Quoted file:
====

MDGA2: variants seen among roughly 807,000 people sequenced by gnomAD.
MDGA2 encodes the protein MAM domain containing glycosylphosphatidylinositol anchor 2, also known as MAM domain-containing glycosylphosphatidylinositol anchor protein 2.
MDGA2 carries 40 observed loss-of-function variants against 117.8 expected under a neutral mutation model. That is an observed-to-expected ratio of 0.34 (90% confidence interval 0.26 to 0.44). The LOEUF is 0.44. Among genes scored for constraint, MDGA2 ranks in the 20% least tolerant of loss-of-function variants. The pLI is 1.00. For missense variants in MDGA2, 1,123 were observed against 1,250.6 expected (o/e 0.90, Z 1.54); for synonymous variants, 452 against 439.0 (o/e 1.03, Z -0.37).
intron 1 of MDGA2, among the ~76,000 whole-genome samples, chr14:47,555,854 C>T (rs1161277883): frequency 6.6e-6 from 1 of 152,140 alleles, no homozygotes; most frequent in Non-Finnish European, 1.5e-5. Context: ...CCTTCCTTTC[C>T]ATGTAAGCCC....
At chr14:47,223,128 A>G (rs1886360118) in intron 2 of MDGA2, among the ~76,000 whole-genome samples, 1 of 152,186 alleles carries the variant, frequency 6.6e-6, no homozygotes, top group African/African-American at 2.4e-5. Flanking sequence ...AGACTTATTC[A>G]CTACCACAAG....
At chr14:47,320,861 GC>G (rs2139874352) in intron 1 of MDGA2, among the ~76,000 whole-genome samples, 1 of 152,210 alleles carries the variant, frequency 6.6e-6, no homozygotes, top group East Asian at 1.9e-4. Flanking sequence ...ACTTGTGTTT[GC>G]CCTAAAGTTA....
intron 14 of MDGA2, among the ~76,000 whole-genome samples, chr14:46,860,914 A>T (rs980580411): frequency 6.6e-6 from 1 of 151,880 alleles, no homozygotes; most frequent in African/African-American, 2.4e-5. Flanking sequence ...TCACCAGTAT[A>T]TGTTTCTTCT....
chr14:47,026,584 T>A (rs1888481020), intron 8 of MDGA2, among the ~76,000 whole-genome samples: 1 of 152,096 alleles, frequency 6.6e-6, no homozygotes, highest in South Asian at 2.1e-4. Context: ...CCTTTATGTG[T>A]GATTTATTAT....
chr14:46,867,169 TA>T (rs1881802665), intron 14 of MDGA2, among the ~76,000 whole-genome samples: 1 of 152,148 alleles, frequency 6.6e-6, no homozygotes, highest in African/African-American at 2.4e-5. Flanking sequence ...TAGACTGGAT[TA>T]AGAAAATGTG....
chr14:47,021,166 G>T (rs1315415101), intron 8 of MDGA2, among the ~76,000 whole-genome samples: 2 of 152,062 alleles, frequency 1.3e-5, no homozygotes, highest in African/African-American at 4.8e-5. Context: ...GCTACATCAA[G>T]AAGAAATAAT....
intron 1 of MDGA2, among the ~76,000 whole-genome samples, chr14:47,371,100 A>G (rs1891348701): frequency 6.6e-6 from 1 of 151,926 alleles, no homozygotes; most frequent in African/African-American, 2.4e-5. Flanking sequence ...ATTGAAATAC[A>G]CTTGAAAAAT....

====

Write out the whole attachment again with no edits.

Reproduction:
MDGA2: variants seen among roughly 807,000 people sequenced by gnomAD.
MDGA2 encodes the protein MAM domain containing glycosylphosphatidylinositol anchor 2, also known as MAM domain-containing glycosylphosphatidylinositol anchor protein 2.
MDGA2 carries 40 observed loss-of-function variants against 117.8 expected under a neutral mutation model. That is an observed-to-expected ratio of 0.34 (90% confidence interval 0.26 to 0.44). The LOEUF is 0.44. Among genes scored for constraint, MDGA2 ranks in the 20% least tolerant of loss-of-function variants. The pLI is 1.00. For missense variants in MDGA2, 1,123 were observed against 1,250.6 expected (o/e 0.90, Z 1.54); for synonymous variants, 452 against 439.0 (o/e 1.03, Z -0.37).
intron 1 of MDGA2, among the ~76,000 whole-genome samples, chr14:47,555,854 C>T (rs1161277883): frequency 6.6e-6 from 1 of 152,140 alleles, no homozygotes; most frequent in Non-Finnish European, 1.5e-5. Context: ...CCTTCCTTTC[C>T]ATGTAAGCCC....
At chr14:47,223,128 A>G (rs1886360118) in intron 2 of MDGA2, among the ~76,000 whole-genome samples, 1 of 152,186 alleles carries the variant, frequency 6.6e-6, no homozygotes, top group African/African-American at 2.4e-5. Flanking sequence ...AGACTTATTC[A>G]CTACCACAAG....
At chr14:47,320,861 GC>G (rs2139874352) in intron 1 of MDGA2, among the ~76,000 whole-genome samples, 1 of 152,210 alleles carries the variant, frequency 6.6e-6, no homozygotes, top group East Asian at 1.9e-4. Flanking sequence ...ACTTGTGTTT[GC>G]CCTAAAGTTA....
intron 14 of MDGA2, among the ~76,000 whole-genome samples, chr14:46,860,914 A>T (rs980580411): frequency 6.6e-6 from 1 of 151,880 alleles, no homozygotes; most frequent in African/African-American, 2.4e-5. Flanking sequence ...TCACCAGTAT[A>T]TGTTTCTTCT....
chr14:47,026,584 T>A (rs1888481020), intron 8 of MDGA2, among the ~76,000 whole-genome samples: 1 of 152,096 alleles, frequency 6.6e-6, no homozygotes, highest in South Asian at 2.1e-4. Context: ...CCTTTATGTG[T>A]GATTTATTAT....
chr14:46,867,169 TA>T (rs1881802665), intron 14 of MDGA2, among the ~76,000 whole-genome samples: 1 of 152,148 alleles, frequency 6.6e-6, no homozygotes, highest in African/African-American at 2.4e-5. Flanking sequence ...TAGACTGGAT[TA>T]AGAAAATGTG....
chr14:47,021,166 G>T (rs1315415101), intron 8 of MDGA2, among the ~76,000 whole-genome samples: 2 of 152,062 alleles, frequency 1.3e-5, no homozygotes, highest in African/African-American at 4.8e-5. Context: ...GCTACATCAA[G>T]AAGAAATAAT....
intron 1 of MDGA2, among the ~76,000 whole-genome samples, chr14:47,371,100 A>G (rs1891348701): frequency 6.6e-6 from 1 of 151,926 alleles, no homozygotes; most frequent in African/African-American, 2.4e-5. Flanking sequence ...ATTGAAATAC[A>G]CTTGAAAAAT....